Oh and by the way, we have a Republic, ..NOT a “democracy.”
As for keeping political operatives away, the RE opinion meister might want to think about who takes over when vote/ballot wrangling begins the day after. Attorneys for either of the big parties and those who hold their leashes.
Removing “Politics from the mechanisms that allow us to cast absentee ballots.” might be better accomplished by admonishing those who attempt to subvert the law unilaterally (Benson, Whitmer, Nessel), and suggesting that we actually follow the law that has been time tested and tweaked through a process that is legislative and proper and represents the will of those who actually care to vote.
The following statement makes me giggle.
“The still-unfolding court wrangling around absentee voting regulations in Michigan is nothing but political.”
Welcome to real life.
“The parties have taken it upon themselves to work the courts to either boost or suppress absentee voter turnout — whichever they believe will help their team at the polls.
It’s a sad state of affairs, really.”
Perhaps we can clarify something. One party has worked to accommodate the process by providing a legislative fix (Oct 6th) that has been signed into law to make it easier for clerks to manage the absentees, while the other party has attempted to upend all the ACTUAL rules that have been in place for over 6 decades. Yeah, it is “sad” that the other party would attempt to subvert the process so reliably.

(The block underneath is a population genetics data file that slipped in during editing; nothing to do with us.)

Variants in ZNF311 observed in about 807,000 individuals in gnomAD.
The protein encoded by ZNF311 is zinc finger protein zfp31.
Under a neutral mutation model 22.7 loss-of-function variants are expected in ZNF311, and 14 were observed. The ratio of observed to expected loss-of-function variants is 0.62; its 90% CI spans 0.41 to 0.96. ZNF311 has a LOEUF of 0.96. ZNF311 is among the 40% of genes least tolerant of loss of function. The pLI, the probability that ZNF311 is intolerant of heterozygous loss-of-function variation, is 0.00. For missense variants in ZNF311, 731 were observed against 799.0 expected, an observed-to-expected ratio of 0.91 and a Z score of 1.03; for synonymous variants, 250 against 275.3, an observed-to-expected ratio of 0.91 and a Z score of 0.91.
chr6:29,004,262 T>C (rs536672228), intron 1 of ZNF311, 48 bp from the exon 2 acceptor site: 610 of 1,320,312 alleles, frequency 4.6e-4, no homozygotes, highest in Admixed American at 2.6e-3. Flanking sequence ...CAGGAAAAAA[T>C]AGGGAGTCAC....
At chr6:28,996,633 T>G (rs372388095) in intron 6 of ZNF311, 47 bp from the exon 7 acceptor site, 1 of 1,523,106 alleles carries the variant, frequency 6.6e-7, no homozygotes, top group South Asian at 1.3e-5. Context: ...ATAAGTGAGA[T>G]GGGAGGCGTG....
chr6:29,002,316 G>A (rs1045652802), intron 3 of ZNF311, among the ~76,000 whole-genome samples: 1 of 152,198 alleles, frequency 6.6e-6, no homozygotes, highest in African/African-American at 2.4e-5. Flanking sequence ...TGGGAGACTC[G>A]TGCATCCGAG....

“And the end result isn’t a more safe, secure or reliable election. No, the winners and losers now being decided in state courts are of little or no importance when compared to the damage they cause.
Damage to our confidence in our elections.
So, as we all look forward to Election Day, toward exercising our democratic rights through what should be an apolitical mechanism, we all must plan ahead.
No matter what party, candidate or ballot issue you support, we believe every Michigander should exercise their right to weigh in on Election Day. And we’re less than impressed by any political wrangling that makes that process more difficult.”
Actually, because of the ruling, Michiganians will know who won the night of, or at the very least on the morning after. Safety of our elections has been preserved with less time for the “political wrangling” to actually happen after the fact. Winners and loser will actually be decided by those who care about their vote enough to show uo, and NOT the players engaged by the parties after voting day.
“So we want to take this opportunity to remind our neighbors, friends and community to make a plan to ensure their vote counts, regardless of what shenanigans unfold in the courts during the next two weeks.
After all, Election Day is our opportunity to steer our democracy. And no politician or court has a right to take that power from us.”
We can agree that a plan can be made to ensure proper representation in our political process.. In fact we believe that folks need to take it seriously enough that showing up (if necessary) and voting is the best bet to make sure a person’s will is considered during an election.
As for power, there is another perpective. The people elect representatives to create and pass law such as the election law we follow. The effort by the Governor and Secretary of state was certainly an effort to “take that power” from us.
And again ..we live in a Republic, ..and we plan on keeping it.